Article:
LGPD 'Right to Erasure' & How to Comply4 Nov 2020 | Michael Waksman
The LGPD 'Right to Erasure' is part of the new Brazilian data protection law. Similar to GDPR’s 'Right to be Forgotten', the LGPD 'Right to Erasure' allows Brazilian citizens to request their personal data be removed from organization databases.
So, if your company handles personal data of Brazilian citizens, whether you're inside or outside of Brazil, you are subject to the 'Right to Erasure'.
Here we will look at the 'Right to Erasure' section of the regulation and share 3 steps on how to implement a successful LGPD compliance strategy.
LGPD in a Nutshell
The LGPD regulations were introduced in August 2018. While administrative sanctions do not come into effect until August 1, 2021, individuals and public prosecutors can already bring claims for damages and losses.
LGPD, or the Lei Geral de Proteção de Dados Pessoais, can be translated as the General Law for the Protection of Personal Data. The main objective of the LGPD is to regulate the processing of personal data in order to protect the privacy of Brazilian citizens. Brazil’s National Data Protection Agency (ANPD) will be responsible for enforcing administrative sanctions.
The LGPD requires compliance for people, businesses, public institutions, and charities that process the data of Brazilian citizens, wherever they are based. The regulation applies to people and organizations that are processing:
- Personal data in Brazil
- Personal data that was collected in Brazil
- Personal data to offer goods or services in Brazil
What Is the LGPD 'Right to Erasure'?
The 'Right to Erasure' is covered in articles 5, 16, and 18 of the LGPD. The regulation requires companies to delete the personal data of an individual if it has been requested, even if the data has been collected based on consent.
The 'Right to Erasure' section of the LGPD is comparable to GDPR’s 'Right to be Forgotten'. Under the LGPD, both data controllers and processors must delete the subjects’ data for free if it has been requested. It’s also compulsory that data subjects (Brazilian citizens) are informed of their right to request for their data to be erased.
In addition, the LGPD states that data must be deleted if it was processed for reasons that are excessive, unnecessary, or unlawful.
LGPD 'Right to Erasure' & Exemptions
Article 16 of the LGPD includes some exemptions to the application of the 'Right to Erasure':
- "Compliance with legal or regulatory obligation by the controller"
- Personal data authorized for a "study by a research body"
In addition, the LGPD, including the 'Right to Erasure', generally doesn’t apply to processing of personal information done exclusively for:
- Public safety
- Academic purposes
- Journalistic and artistic purposes
Prepare for the LGPD 'Right to Erasure'
Follow these 3 steps to make sure your company or organization is ready to comply with the LGPD 'Right to Erasure'.
1. Find out where your data resides
Regardless of where your data is stored, you always have to be aware of its location. Keep track of where it’s saved, how it’s being accessed, and how it’s being shared. Having this information at hand will help you to locate the files that need to be erased much faster.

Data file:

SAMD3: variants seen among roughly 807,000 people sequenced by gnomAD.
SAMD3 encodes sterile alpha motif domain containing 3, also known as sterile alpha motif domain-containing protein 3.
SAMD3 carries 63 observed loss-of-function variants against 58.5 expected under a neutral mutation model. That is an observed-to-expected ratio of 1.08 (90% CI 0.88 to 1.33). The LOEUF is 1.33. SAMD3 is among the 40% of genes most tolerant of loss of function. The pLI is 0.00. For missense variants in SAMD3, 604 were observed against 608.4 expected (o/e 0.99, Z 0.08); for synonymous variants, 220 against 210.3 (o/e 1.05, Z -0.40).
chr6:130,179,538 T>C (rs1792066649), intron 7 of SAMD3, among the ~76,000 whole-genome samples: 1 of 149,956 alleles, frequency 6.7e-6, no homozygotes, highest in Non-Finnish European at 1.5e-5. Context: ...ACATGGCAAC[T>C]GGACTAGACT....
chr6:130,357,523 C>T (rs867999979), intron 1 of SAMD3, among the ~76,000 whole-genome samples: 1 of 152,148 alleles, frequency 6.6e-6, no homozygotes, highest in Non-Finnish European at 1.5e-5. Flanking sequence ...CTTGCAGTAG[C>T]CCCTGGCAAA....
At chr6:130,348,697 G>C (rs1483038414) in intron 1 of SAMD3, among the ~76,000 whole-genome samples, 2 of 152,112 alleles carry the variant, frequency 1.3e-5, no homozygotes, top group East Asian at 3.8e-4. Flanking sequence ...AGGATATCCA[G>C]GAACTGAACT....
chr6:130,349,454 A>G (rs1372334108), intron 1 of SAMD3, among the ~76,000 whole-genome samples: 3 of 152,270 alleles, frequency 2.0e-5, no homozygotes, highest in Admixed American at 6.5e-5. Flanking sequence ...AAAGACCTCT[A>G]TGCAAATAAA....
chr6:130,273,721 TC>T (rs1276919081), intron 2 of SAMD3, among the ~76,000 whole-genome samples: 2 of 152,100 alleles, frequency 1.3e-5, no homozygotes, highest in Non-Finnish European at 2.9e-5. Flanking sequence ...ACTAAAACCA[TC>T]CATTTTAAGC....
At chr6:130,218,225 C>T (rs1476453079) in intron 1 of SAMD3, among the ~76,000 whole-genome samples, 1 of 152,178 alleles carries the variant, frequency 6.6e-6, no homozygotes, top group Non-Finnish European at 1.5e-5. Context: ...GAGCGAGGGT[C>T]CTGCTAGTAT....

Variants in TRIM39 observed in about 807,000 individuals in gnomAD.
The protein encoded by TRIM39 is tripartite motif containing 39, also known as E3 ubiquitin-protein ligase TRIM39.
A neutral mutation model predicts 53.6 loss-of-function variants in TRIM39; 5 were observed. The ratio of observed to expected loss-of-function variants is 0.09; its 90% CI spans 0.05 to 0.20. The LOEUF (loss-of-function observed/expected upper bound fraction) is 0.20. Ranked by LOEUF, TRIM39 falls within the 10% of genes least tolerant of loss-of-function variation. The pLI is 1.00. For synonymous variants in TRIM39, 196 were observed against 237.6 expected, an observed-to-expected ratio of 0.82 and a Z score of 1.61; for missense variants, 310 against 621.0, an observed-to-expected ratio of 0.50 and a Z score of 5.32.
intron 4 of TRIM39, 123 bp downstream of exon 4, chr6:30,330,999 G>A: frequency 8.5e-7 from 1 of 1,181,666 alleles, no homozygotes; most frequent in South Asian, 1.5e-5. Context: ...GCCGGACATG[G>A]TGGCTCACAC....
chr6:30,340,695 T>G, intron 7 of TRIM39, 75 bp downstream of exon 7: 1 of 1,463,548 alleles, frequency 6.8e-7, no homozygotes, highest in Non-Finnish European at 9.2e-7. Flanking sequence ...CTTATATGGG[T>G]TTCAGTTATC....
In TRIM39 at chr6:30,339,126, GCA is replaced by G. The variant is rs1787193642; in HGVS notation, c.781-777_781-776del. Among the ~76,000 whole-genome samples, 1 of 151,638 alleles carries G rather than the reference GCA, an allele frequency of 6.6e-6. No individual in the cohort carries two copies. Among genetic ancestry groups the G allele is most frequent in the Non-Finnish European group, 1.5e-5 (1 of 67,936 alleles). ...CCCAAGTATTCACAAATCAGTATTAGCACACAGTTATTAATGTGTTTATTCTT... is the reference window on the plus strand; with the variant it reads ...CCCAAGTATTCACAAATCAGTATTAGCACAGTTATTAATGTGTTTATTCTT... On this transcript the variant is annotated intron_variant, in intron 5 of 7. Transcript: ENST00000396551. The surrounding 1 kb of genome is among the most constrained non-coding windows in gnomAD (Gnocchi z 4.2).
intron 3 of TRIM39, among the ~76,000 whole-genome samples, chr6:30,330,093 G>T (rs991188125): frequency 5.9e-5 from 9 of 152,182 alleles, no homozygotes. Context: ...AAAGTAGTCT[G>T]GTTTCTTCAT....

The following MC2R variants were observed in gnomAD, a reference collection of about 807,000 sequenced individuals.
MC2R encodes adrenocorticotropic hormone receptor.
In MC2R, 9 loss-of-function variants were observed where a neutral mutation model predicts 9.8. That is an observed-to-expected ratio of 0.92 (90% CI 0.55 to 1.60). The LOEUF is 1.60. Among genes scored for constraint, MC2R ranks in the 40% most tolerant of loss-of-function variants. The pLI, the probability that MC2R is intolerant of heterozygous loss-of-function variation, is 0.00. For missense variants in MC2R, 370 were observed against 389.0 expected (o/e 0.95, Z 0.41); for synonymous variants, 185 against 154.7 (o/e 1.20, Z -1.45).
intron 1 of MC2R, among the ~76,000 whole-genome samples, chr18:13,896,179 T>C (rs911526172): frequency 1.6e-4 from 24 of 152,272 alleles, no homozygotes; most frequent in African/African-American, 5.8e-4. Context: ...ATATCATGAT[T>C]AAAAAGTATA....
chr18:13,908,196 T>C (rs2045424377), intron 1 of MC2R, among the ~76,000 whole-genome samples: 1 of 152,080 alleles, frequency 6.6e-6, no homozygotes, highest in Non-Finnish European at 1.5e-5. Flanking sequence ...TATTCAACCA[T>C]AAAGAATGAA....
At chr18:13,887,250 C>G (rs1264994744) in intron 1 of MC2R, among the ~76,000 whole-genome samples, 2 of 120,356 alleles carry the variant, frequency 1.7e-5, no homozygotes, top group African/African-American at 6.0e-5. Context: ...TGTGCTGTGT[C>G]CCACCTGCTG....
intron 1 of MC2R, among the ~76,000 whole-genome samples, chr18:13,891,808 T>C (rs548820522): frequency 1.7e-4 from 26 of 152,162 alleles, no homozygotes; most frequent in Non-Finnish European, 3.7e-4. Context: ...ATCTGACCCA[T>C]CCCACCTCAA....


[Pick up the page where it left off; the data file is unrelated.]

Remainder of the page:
2. Put someone in charge of data protection
The LGPD requires businesses and organizations to appoint a Data Protection Officer (DPO), so make sure that you appoint someone to that role. Your DPO will serve as a link between your organization and its data subjects, which will also send a message to your customers (and compliance officers) that you are serious about protecting their data.
3. Equip the right tools
The software that you should use can be determined by the type of data that you need to erase. For example, if personal data is stored on a computer that’s no longer needed, then you should use software to completely wipe your hard drive. Alternatively, if you only have a few specific files or folders that need to be erased on an active system, then you could use a tool to wipe selected data and still continue using your computer.
How Data Wiping Works
Deleting files by normal means will not help your company or organization to comply with the LGPD’s ‘Right to Erasure’ requirements. That’s because information saved to a hard drive will always leave behind residual data, or data remanence. To prevent data being restored and accessed by third parties with widely available file recovery software, you should choose to wipe sensitive data and permanently erase the information. Using data wiping software to securely erase your information assets is the safest and most effective way to dispose of personal data.
Michael Waksman has been serving as CEO of Jetico since 2011, more than doubling the size of the company during his tenure. He brings more than 20 years of communications, technology and leadership experience.
At Jetico, Waksman has lead creation of the corporate identity, raising global brand awareness, building a more commercially-driven team and initiating enterprise customer relations. Jetico has maintained a wide user base throughout the U.S. Defense community, in the global compliance market and for personal privacy.
Waksman served as vice-chairman of the Cyber Group for the Association of Finnish Defense and Aerospace Industries. Recognized as a security and privacy advocate, he is a frequent speaker at international events, occasionally on behalf of the Finnish cyber security industry. In 2012, Waksman was honored with The Security Network's Chairman's Award for fostering collaboration between the United States and Finland. As dual citizen, he is a native New Yorker and has been living in the Helsinki region for over 15 years.
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